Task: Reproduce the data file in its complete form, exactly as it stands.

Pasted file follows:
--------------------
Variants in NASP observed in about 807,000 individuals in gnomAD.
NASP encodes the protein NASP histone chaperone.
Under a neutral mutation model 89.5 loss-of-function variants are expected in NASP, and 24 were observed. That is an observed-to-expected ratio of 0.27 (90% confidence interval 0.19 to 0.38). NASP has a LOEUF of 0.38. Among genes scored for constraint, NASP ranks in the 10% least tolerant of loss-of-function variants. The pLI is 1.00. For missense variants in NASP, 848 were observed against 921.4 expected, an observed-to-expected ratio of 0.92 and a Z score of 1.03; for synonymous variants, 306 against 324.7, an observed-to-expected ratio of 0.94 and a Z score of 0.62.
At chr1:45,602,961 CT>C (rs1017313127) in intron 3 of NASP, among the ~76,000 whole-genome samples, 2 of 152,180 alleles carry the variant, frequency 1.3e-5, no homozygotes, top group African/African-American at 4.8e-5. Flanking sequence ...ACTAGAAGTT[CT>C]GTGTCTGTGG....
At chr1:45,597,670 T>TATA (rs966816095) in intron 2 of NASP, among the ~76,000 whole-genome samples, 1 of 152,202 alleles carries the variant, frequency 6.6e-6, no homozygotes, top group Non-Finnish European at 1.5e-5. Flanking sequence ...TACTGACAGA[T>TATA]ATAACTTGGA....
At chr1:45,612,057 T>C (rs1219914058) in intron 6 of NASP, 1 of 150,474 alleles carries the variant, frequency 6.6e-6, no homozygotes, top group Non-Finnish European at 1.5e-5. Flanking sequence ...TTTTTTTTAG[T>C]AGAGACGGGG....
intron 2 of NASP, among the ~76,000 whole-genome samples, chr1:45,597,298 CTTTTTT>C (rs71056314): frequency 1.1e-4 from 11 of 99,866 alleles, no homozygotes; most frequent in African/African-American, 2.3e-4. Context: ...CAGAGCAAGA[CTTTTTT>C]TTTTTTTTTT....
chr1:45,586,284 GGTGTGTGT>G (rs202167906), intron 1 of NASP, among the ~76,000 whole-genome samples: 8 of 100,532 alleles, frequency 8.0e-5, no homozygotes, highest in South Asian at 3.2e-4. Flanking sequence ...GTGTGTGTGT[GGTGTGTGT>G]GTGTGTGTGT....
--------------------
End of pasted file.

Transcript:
Variants in NASP observed in about 807,000 individuals in gnomAD.
NASP encodes the protein NASP histone chaperone.
Under a neutral mutation model 89.5 loss-of-function variants are expected in NASP, and 24 were observed. That is an observed-to-expected ratio of 0.27 (90% confidence interval 0.19 to 0.38). NASP has a LOEUF of 0.38. Among genes scored for constraint, NASP ranks in the 10% least tolerant of loss-of-function variants. The pLI is 1.00. For missense variants in NASP, 848 were observed against 921.4 expected, an observed-to-expected ratio of 0.92 and a Z score of 1.03; for synonymous variants, 306 against 324.7, an observed-to-expected ratio of 0.94 and a Z score of 0.62.
At chr1:45,602,961 CT>C (rs1017313127) in intron 3 of NASP, among the ~76,000 whole-genome samples, 2 of 152,180 alleles carry the variant, frequency 1.3e-5, no homozygotes, top group African/African-American at 4.8e-5. Flanking sequence ...ACTAGAAGTT[CT>C]GTGTCTGTGG....
At chr1:45,597,670 T>TATA (rs966816095) in intron 2 of NASP, among the ~76,000 whole-genome samples, 1 of 152,202 alleles carries the variant, frequency 6.6e-6, no homozygotes, top group Non-Finnish European at 1.5e-5. Flanking sequence ...TACTGACAGA[T>TATA]ATAACTTGGA....
At chr1:45,612,057 T>C (rs1219914058) in intron 6 of NASP, 1 of 150,474 alleles carries the variant, frequency 6.6e-6, no homozygotes, top group Non-Finnish European at 1.5e-5. Flanking sequence ...TTTTTTTTAG[T>C]AGAGACGGGG....
intron 2 of NASP, among the ~76,000 whole-genome samples, chr1:45,597,298 CTTTTTT>C (rs71056314): frequency 1.1e-4 from 11 of 99,866 alleles, no homozygotes; most frequent in African/African-American, 2.3e-4. Context: ...CAGAGCAAGA[CTTTTTT>C]TTTTTTTTTT....
chr1:45,586,284 GGTGTGTGT>G (rs202167906), intron 1 of NASP, among the ~76,000 whole-genome samples: 8 of 100,532 alleles, frequency 8.0e-5, no homozygotes, highest in South Asian at 3.2e-4. Flanking sequence ...GTGTGTGTGT[GGTGTGTGT>G]GTGTGTGTGT....